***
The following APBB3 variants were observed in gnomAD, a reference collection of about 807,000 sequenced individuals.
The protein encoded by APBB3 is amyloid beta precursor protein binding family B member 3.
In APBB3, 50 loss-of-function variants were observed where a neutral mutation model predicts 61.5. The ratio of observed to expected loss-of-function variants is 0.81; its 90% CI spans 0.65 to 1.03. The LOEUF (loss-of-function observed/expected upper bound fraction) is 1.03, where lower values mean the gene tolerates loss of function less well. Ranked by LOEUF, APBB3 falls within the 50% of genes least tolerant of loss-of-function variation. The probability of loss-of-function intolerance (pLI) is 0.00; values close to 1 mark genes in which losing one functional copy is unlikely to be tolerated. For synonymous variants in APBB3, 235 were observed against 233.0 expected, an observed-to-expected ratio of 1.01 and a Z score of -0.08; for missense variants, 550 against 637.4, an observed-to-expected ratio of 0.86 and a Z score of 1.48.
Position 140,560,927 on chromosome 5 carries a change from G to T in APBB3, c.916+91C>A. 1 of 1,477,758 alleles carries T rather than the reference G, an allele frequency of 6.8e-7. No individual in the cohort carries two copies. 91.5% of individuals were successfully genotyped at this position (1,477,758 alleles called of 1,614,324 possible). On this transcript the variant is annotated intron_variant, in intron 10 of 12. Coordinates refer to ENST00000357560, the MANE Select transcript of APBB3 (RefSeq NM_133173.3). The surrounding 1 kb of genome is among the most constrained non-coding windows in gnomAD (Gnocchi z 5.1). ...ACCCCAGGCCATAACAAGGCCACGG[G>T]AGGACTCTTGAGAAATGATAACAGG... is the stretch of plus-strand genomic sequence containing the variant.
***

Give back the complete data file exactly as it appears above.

The following APBB3 variants were observed in gnomAD, a reference collection of about 807,000 sequenced individuals.
The protein encoded by APBB3 is amyloid beta precursor protein binding family B member 3.
In APBB3, 50 loss-of-function variants were observed where a neutral mutation model predicts 61.5. The ratio of observed to expected loss-of-function variants is 0.81; its 90% CI spans 0.65 to 1.03. The LOEUF (loss-of-function observed/expected upper bound fraction) is 1.03, where lower values mean the gene tolerates loss of function less well. Ranked by LOEUF, APBB3 falls within the 50% of genes least tolerant of loss-of-function variation. The probability of loss-of-function intolerance (pLI) is 0.00; values close to 1 mark genes in which losing one functional copy is unlikely to be tolerated. For synonymous variants in APBB3, 235 were observed against 233.0 expected, an observed-to-expected ratio of 1.01 and a Z score of -0.08; for missense variants, 550 against 637.4, an observed-to-expected ratio of 0.86 and a Z score of 1.48.
Position 140,560,927 on chromosome 5 carries a change from G to T in APBB3, c.916+91C>A. 1 of 1,477,758 alleles carries T rather than the reference G, an allele frequency of 6.8e-7. No individual in the cohort carries two copies. 91.5% of individuals were successfully genotyped at this position (1,477,758 alleles called of 1,614,324 possible). On this transcript the variant is annotated intron_variant, in intron 10 of 12. Coordinates refer to ENST00000357560, the MANE Select transcript of APBB3 (RefSeq NM_133173.3). The surrounding 1 kb of genome is among the most constrained non-coding windows in gnomAD (Gnocchi z 5.1). ...ACCCCAGGCCATAACAAGGCCACGG[G>T]AGGACTCTTGAGAAATGATAACAGG... is the stretch of plus-strand genomic sequence containing the variant.